The Tomaquag Museum, which commemorates and celebrates the history of indigenous people in Rhode Island, recently announced that it will be moving to Kingston.
Currently located in Exeter, the museum will break ground in Kingston in 2022. The buildings will be built on 18 acres of land owned by the University of Rhode Island, which they received after reaching a deal with the University.
Ryan Carrillo, URI’s director of planning and real estate development, said that the conversations around the Tomaquag Museum moving to Kingston began many years ago.
The move-in process has been divided into two phases for the purposes of construction, during which the buildings and their utilities will be built, according to Lóren Spears, the museum’s director.
Spears said that the museum is looking to build four separate buildings on the land. One building will be the main museum; one building will be an education center including classrooms that will host evening programs and workshops; one building will be a research center; one building will be the Indigenous Empowerment Network Building that will include an art studio and a cafe.
In addition to the buildings, the museum will have traditional indigenous gardens, consisting of corn, beans and squash, as well as examples of traditional Native homes.
“We wanted it to still be rural,” Spears said. “We came up with this space because across the street is a river, and people can see that the 18 acres we have gives us plenty of room to walk around and create paths in which we can talk about the traditional ecological knowledge of indigenous peoples and of this land.”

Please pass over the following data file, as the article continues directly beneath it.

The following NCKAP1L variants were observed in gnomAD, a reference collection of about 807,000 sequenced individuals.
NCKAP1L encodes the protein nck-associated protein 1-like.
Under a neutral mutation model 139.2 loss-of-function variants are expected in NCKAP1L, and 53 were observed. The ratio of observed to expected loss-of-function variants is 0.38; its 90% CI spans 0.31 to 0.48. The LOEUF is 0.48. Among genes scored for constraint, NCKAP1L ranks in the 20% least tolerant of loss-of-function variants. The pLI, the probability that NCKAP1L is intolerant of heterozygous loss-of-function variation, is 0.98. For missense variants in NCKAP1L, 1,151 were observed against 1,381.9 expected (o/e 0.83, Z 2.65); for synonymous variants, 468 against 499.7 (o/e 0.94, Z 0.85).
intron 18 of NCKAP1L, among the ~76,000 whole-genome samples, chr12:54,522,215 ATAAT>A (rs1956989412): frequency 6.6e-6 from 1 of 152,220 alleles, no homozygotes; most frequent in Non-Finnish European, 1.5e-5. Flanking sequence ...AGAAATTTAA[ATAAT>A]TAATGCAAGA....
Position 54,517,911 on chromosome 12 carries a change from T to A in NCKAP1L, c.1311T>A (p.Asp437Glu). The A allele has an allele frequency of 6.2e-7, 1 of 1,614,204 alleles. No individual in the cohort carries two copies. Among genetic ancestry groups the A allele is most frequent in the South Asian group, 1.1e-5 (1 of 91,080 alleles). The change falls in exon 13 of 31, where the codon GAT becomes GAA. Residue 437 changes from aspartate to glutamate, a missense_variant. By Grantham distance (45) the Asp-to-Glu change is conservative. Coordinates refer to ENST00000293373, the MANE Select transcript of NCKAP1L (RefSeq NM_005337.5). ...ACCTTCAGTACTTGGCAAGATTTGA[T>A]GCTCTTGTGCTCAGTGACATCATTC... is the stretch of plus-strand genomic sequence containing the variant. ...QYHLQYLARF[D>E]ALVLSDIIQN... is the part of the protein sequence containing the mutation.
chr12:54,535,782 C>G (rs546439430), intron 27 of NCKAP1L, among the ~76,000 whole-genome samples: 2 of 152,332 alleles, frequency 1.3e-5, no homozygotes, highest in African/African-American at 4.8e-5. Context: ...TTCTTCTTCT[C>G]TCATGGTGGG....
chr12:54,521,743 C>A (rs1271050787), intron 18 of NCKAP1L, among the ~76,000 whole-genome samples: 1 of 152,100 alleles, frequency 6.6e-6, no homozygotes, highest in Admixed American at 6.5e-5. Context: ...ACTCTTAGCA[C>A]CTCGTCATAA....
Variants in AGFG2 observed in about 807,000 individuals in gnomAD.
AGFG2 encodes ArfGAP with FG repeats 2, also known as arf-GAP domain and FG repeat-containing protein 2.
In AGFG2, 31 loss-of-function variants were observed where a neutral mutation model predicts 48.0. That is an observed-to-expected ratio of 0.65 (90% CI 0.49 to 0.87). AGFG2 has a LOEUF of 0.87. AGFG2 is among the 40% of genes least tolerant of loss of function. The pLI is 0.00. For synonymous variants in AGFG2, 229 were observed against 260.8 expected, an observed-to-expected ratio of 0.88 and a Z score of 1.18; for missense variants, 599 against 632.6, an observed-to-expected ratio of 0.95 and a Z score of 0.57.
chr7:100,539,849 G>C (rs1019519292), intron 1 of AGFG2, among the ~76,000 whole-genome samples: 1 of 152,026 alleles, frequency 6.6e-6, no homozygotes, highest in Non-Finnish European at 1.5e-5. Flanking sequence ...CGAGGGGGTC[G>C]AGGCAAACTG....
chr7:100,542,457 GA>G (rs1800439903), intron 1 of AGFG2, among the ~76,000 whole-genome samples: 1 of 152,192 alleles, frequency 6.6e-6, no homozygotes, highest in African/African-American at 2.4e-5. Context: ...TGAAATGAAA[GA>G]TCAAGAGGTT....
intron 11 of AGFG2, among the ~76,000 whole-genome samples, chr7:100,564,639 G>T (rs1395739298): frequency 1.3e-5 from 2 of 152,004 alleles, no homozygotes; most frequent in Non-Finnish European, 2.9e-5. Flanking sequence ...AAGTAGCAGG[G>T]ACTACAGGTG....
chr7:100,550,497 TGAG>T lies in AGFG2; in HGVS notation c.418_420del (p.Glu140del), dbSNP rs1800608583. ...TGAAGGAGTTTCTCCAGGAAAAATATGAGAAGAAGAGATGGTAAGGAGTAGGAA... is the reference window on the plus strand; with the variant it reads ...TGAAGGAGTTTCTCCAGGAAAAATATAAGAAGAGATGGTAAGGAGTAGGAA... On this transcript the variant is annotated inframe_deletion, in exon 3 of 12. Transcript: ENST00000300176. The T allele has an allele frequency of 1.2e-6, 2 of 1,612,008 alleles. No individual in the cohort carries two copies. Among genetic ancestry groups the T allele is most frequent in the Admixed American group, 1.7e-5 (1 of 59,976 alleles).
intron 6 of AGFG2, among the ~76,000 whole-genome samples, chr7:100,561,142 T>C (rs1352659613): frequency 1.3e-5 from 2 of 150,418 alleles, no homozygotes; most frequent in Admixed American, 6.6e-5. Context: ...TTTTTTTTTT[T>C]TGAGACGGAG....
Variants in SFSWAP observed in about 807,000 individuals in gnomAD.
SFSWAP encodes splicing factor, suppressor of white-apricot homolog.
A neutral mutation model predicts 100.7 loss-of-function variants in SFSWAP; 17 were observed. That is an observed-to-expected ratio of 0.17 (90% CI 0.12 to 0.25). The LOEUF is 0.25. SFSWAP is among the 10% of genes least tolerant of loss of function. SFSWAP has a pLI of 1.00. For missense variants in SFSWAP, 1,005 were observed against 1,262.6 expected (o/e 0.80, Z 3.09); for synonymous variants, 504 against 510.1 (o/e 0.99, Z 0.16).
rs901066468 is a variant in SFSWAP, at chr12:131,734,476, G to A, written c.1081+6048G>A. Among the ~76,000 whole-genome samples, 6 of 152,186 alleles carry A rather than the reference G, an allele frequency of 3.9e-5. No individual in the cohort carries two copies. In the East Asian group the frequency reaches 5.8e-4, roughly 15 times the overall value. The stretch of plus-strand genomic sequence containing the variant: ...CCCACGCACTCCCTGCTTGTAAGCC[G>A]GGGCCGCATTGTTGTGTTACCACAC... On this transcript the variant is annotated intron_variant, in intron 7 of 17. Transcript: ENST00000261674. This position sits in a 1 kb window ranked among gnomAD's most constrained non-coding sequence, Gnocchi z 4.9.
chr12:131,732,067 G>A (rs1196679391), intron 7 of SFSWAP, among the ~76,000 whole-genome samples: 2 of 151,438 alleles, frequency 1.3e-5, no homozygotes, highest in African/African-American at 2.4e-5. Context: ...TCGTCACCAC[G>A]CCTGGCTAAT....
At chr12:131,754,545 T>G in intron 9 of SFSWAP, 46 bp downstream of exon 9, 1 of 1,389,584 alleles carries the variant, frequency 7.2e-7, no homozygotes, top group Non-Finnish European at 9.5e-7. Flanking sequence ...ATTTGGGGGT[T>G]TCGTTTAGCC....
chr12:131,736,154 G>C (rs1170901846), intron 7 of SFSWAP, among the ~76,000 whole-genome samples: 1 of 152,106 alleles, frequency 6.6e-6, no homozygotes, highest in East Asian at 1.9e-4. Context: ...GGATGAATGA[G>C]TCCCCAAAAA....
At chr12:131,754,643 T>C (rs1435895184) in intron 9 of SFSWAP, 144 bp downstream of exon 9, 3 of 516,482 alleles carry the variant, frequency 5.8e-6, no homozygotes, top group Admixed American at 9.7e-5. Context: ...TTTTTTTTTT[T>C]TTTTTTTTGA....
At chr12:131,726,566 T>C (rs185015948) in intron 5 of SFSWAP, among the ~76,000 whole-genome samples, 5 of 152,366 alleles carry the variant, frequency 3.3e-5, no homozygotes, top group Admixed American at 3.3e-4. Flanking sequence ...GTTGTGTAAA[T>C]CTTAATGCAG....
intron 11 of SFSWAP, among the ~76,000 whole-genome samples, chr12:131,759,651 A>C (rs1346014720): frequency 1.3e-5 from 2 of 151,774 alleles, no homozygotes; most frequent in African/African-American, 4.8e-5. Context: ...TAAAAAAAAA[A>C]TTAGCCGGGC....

The first two buildings will be built as part of phase one of the move-in process, and the latter two will be built as part of phase two, according to Spears. She expects that all four buildings will cost around $4 million, taking $2.8 million for phase one and $1.2 million for phase two.
URI’s Board of Trustees decided this past May to use a financial licensing agreement similar to the agreements used for fraternity and sorority houses on campus. The agreement includes provisions for the University that include required insurance policies, the right for the University to maintain the buildings “according to predetermined standards” throughout the process, the ability to purchase the property at fair market value at any time and permission to break the real estate agreement with due cause.
The new Tomaquag Museum will be located on Route 110, near West Kingston Elementary School. It will be close to the William C. O’Neill Bike Path, which allows visitors to walk to and from the museum from campus.
Both Spears and Carrillo believe that the move is mutually beneficial for URI and the museum.
Another benefit of this move is the larger community, which Carrillo described as “20,000 potential new customers.”
“We were specifically looking for something that was visible,” Spears said. “We’re tucked in a rural corner of the state, so we wanted it to be someplace where tourists could find us, where it was easy for schools and groups that were coming to the museum to get in and out.”
The Tomaquag Museum is the only museum in Rhode Island that is dedicated to commemorating and celebrating the state’s Native tribes and populations. It is also the only museum in the state that has won the National Medal, the highest award for museums and libraries in the country, according to Spears.
Spears and Carrillo said that the museum will be working with the University on programs and partnerships.
“Right now, our staff has partnerships with somewhere around nine or 10 departments at the University,” Spears said. “So, there’s all that synergy that’s going back and forth.”
Spears also said that many students from the University have interned at the museum in the past and students who are currently doing projects with the museum.
Both Spears and Carrillo said that the closer location between the museum and the University will only allow for these partnerships to grow. “A lot of what college is [about] is focusing on a specific path and study,” Carrillo said, “but it’s also about broadening your horizons. The museum is something that can really benefit our students when it comes to that.”
This story was published in the March 11, 2021 edition of the Good Five Cent Cigar.